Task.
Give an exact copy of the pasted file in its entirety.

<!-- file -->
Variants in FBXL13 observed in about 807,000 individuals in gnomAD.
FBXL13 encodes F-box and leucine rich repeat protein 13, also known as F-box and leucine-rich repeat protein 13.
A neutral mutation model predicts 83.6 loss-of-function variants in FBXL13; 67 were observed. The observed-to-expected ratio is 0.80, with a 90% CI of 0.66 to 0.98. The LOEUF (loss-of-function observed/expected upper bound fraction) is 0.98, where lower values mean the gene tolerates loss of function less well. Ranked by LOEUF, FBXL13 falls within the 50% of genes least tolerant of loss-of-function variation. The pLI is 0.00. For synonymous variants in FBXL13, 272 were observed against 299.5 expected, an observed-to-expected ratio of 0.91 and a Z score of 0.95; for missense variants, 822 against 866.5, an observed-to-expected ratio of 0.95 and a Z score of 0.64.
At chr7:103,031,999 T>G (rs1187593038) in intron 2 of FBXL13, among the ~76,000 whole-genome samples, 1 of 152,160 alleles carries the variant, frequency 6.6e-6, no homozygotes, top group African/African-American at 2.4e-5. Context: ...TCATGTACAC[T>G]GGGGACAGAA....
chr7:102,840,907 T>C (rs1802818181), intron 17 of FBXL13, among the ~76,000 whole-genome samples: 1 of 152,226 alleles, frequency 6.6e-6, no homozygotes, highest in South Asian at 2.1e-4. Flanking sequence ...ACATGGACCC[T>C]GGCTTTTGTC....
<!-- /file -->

Variants in FBXL13 observed in about 807,000 individuals in gnomAD.
FBXL13 encodes F-box and leucine rich repeat protein 13, also known as F-box and leucine-rich repeat protein 13.
A neutral mutation model predicts 83.6 loss-of-function variants in FBXL13; 67 were observed. The observed-to-expected ratio is 0.80, with a 90% CI of 0.66 to 0.98. The LOEUF (loss-of-function observed/expected upper bound fraction) is 0.98, where lower values mean the gene tolerates loss of function less well. Ranked by LOEUF, FBXL13 falls within the 50% of genes least tolerant of loss-of-function variation. The pLI is 0.00. For synonymous variants in FBXL13, 272 were observed against 299.5 expected, an observed-to-expected ratio of 0.91 and a Z score of 0.95; for missense variants, 822 against 866.5, an observed-to-expected ratio of 0.95 and a Z score of 0.64.
At chr7:103,031,999 T>G (rs1187593038) in intron 2 of FBXL13, among the ~76,000 whole-genome samples, 1 of 152,160 alleles carries the variant, frequency 6.6e-6, no homozygotes, top group African/African-American at 2.4e-5. Context: ...TCATGTACAC[T>G]GGGGACAGAA....
chr7:102,840,907 T>C (rs1802818181), intron 17 of FBXL13, among the ~76,000 whole-genome samples: 1 of 152,226 alleles, frequency 6.6e-6, no homozygotes, highest in South Asian at 2.1e-4. Flanking sequence ...ACATGGACCC[T>C]GGCTTTTGTC....